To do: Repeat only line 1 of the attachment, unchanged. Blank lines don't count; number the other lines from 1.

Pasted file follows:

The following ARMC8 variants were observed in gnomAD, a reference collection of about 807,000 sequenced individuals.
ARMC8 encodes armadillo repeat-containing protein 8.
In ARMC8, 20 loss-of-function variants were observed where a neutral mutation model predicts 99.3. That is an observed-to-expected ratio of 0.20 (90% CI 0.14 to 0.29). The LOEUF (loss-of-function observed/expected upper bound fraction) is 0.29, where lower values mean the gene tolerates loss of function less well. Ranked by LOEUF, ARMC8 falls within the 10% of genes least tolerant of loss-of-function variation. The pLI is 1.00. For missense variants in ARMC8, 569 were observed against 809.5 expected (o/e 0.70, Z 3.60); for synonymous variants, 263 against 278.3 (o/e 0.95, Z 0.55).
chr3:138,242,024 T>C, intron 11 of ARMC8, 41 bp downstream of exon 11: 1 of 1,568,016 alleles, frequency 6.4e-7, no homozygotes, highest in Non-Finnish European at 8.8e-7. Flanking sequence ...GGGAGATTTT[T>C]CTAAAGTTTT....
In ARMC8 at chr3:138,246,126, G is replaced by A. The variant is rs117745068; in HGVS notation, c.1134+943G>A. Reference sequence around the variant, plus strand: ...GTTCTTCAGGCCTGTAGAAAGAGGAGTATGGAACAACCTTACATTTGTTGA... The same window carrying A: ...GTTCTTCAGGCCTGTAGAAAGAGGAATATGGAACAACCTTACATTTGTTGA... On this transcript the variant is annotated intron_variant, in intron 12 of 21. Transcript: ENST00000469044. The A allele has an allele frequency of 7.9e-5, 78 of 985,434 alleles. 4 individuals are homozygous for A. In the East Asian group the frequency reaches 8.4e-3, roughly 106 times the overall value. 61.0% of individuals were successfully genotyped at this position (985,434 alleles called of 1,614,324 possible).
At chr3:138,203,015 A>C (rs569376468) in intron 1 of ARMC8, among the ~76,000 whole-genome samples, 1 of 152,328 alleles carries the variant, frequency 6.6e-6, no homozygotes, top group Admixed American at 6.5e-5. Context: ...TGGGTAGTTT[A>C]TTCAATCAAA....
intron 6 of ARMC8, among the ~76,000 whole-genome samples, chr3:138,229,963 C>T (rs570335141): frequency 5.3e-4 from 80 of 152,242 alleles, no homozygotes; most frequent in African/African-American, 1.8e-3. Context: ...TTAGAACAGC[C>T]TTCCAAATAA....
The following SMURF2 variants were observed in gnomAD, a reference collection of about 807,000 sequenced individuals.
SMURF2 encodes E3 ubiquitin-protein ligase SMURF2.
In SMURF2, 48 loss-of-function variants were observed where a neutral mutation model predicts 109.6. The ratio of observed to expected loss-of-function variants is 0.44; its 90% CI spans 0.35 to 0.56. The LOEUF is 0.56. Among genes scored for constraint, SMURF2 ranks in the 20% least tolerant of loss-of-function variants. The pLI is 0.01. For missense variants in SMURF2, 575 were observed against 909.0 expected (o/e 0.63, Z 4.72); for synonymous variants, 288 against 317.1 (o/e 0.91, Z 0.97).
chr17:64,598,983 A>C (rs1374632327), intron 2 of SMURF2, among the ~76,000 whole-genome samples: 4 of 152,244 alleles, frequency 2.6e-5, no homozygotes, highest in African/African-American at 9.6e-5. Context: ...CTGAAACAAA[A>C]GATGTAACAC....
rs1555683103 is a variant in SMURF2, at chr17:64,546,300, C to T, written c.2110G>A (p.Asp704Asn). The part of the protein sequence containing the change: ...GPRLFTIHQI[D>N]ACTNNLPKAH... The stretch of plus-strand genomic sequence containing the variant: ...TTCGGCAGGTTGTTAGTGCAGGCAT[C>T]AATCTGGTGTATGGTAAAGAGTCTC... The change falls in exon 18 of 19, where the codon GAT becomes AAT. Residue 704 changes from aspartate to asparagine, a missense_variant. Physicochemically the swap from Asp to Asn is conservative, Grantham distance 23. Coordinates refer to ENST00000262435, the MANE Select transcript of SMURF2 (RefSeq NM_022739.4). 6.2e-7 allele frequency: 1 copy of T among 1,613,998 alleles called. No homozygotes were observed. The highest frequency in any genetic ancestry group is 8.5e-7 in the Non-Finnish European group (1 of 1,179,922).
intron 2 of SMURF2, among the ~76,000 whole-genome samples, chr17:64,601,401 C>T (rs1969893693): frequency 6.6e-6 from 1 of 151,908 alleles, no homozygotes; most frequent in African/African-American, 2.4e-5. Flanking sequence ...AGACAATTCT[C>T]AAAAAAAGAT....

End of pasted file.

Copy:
The following ARMC8 variants were observed in gnomAD, a reference collection of about 807,000 sequenced individuals.